Some Fun Facts About the Philippine Tarsier
The Tarsier, pronounced “tar-see-ay,” is an adorable little guy. Just look at those eyes! They make me melt with affection. One of my readers recently asked me if I would do a write up about tarsiers, so I’ve done some research and put together some fun facts about the Philippine Tarsier. Make sure you watch the video. It is entertaining, I promise. 🙂 Enjoy!
zefrank1 – Published on Jan 24, 2013
Fun Facts About the Philippine Tarsier’s Eyes
- The tarsier has enormous eyes and acute eyesight, excellent night vision, and may be able to see ultraviolet light.
- The tarsier’s eyes are the largest of any mammal relative to body size. If our human eyes were the same size relatively, they would be the size of grapefruits.
- The tarsier’s eyes are fixed to his skull and don’t turn in their sockets. Therefore, the tarsier can rotate his head 180 degrees, just like an owl, to see all the way around.
- Each eyeball is approximately 16 mm in diameter and is as large as its entire brain.
- Unlike many nocturnal vertebrates, tarsiers lack a light-reflecting area (tapetum lucidum) of the eye and have a fovea.
Fun Facts About the Philippine Tarsier Senses
- Tariers have an incredibly strong auditory sense because their auditory cortex is very distinct.
- Philippine tarsiers are capable of hearing frequencies as high as 91 kHz. They are also capable of vocalizations with a dominant frequency of 70 kHz.
Fun Facts About the Philippine Tarsier Body
- The head and body range from 4 to 6 inches (10 to 15 cm) long, but the hind limbs are about twice this long (including the feet), and they also have a slender tail from 8 to 10 inches (20 to 25 cm) long.
- Their fingers are also very long, with the third finger being about the same length as the upper arm.
- Most of the digits have nails, but the second and third toes of the hind feet bear claws instead, which are used for grooming.
- Tarsiers have very soft, velvety fur, which is generally buff, beige, or ochre in color.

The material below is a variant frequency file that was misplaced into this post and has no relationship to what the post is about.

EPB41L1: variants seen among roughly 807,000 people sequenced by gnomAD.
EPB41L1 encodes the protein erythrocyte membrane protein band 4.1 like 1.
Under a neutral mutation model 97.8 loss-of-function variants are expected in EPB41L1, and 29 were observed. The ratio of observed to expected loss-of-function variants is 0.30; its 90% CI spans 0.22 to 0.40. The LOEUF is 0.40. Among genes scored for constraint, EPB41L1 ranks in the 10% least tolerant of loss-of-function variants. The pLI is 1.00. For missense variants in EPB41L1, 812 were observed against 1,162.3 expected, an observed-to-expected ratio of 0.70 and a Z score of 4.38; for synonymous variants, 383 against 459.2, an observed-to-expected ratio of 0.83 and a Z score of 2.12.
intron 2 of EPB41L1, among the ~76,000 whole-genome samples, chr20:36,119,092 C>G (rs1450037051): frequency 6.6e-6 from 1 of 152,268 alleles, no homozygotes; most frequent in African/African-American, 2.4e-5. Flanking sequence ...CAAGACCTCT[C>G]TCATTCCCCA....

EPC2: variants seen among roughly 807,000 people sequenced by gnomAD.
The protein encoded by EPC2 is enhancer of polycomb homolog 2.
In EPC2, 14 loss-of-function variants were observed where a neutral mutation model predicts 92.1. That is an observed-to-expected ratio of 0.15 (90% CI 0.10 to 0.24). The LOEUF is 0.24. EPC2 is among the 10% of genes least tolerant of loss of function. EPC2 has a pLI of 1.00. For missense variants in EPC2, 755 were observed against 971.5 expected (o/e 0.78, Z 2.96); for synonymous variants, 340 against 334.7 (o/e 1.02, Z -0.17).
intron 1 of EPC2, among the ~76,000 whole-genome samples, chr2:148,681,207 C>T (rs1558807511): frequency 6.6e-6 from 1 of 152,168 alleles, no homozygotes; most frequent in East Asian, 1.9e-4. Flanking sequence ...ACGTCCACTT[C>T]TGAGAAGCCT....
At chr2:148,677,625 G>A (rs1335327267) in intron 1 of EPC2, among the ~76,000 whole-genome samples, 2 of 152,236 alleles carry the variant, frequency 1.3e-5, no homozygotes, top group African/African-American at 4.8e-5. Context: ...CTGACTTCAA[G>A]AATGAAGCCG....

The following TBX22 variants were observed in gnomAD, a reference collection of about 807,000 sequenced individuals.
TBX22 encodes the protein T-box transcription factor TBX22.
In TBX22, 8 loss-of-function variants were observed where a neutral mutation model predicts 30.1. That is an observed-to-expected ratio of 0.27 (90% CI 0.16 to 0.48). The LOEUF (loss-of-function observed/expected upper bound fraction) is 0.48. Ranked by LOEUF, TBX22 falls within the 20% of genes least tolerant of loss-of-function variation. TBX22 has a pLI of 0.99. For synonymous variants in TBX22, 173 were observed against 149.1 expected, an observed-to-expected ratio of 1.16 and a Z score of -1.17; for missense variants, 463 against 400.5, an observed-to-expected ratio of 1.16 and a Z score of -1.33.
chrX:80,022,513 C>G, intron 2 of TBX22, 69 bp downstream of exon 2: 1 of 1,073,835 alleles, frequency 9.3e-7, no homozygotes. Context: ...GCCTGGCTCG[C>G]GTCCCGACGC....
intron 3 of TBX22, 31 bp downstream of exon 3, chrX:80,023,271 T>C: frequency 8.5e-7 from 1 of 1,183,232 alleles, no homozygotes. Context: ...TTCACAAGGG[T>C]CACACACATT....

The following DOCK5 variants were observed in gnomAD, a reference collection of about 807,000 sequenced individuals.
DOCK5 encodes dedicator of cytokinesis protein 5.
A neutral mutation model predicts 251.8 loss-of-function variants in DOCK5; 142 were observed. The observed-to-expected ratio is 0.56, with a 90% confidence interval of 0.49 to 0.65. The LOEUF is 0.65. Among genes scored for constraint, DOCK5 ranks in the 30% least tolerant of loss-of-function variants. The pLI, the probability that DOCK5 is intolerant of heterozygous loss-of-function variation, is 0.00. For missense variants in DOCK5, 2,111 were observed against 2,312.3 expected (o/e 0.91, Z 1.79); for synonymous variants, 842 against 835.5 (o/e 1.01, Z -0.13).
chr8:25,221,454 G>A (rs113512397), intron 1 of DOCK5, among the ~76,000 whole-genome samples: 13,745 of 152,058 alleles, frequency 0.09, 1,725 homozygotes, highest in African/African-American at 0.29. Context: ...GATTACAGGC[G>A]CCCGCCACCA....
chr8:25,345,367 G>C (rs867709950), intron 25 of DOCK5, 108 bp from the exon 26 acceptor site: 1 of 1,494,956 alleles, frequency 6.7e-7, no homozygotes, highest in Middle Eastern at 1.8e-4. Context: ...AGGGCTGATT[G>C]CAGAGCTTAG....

Fun Facts About the Philippine Tarsier Behavior
- Tarsiers are the only extant entirely carnivorous primates: they are primarily insectivorous, and catch insects by jumping at them. They are also known to prey on birds, snakes, lizards, and bats.
- All tarsier species are nocturnal in their habits, but like many nocturnal organisms, some tarsiers may show more or less activity during the daytime.
- Tarsiers tend to be extremely shy.
Fun Facts About the Philippine Tarsier Reproduction
- Gestation takes about six months
- Tarsiers give birth to single offspring.
- Young tarsiers are born furred, and with open eyes, and are able to climb within a day of birth.
- Tarsiers reach sexual maturity by the end of their second year.
The conservation status of all tarsiers is vulnerable to extinction. Tarsiers are a conservation-dependent species meaning that they need to have more and improved management of protected habitats or they will definitely become extinct in the future.
Tarsiers have never formed successful breeding colonies in captivity. This may be partly due to their special feeding requirements.
A sanctuary near the town of Corella, on the Philippine island of Bohol, is having some success restoring tarsier populations. The Philippines Tarsier Foundation (PTFI) has developed a large, semiwild enclosure known as the Tarsier Research and Development Center. Carlito Pizarras, also known as the “Tarsier man”, founded this sanctuary where visitors can watch tarsiers up close in the wild (naturally without touching them). The trees in the sanctuary are populated with nocturnal insects that make up the tarsier’s diet.
Some Fun Facts About the Philippine Tarsier
I told you he is adorable! Was I right?
I hope you have enjoyed, “Fun Facts About the Philippine Tarsier“
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MY QUESTION FOR YOU TODAY: Are there any animals you know of that you would like to see featured here on my blog? Is there any creature that you would like to learn more about? Or, do you have a story you would like to submit about a pet you have? I would love to hear from you in the comment section below, or please email me directly at firstname.lastname@example.org
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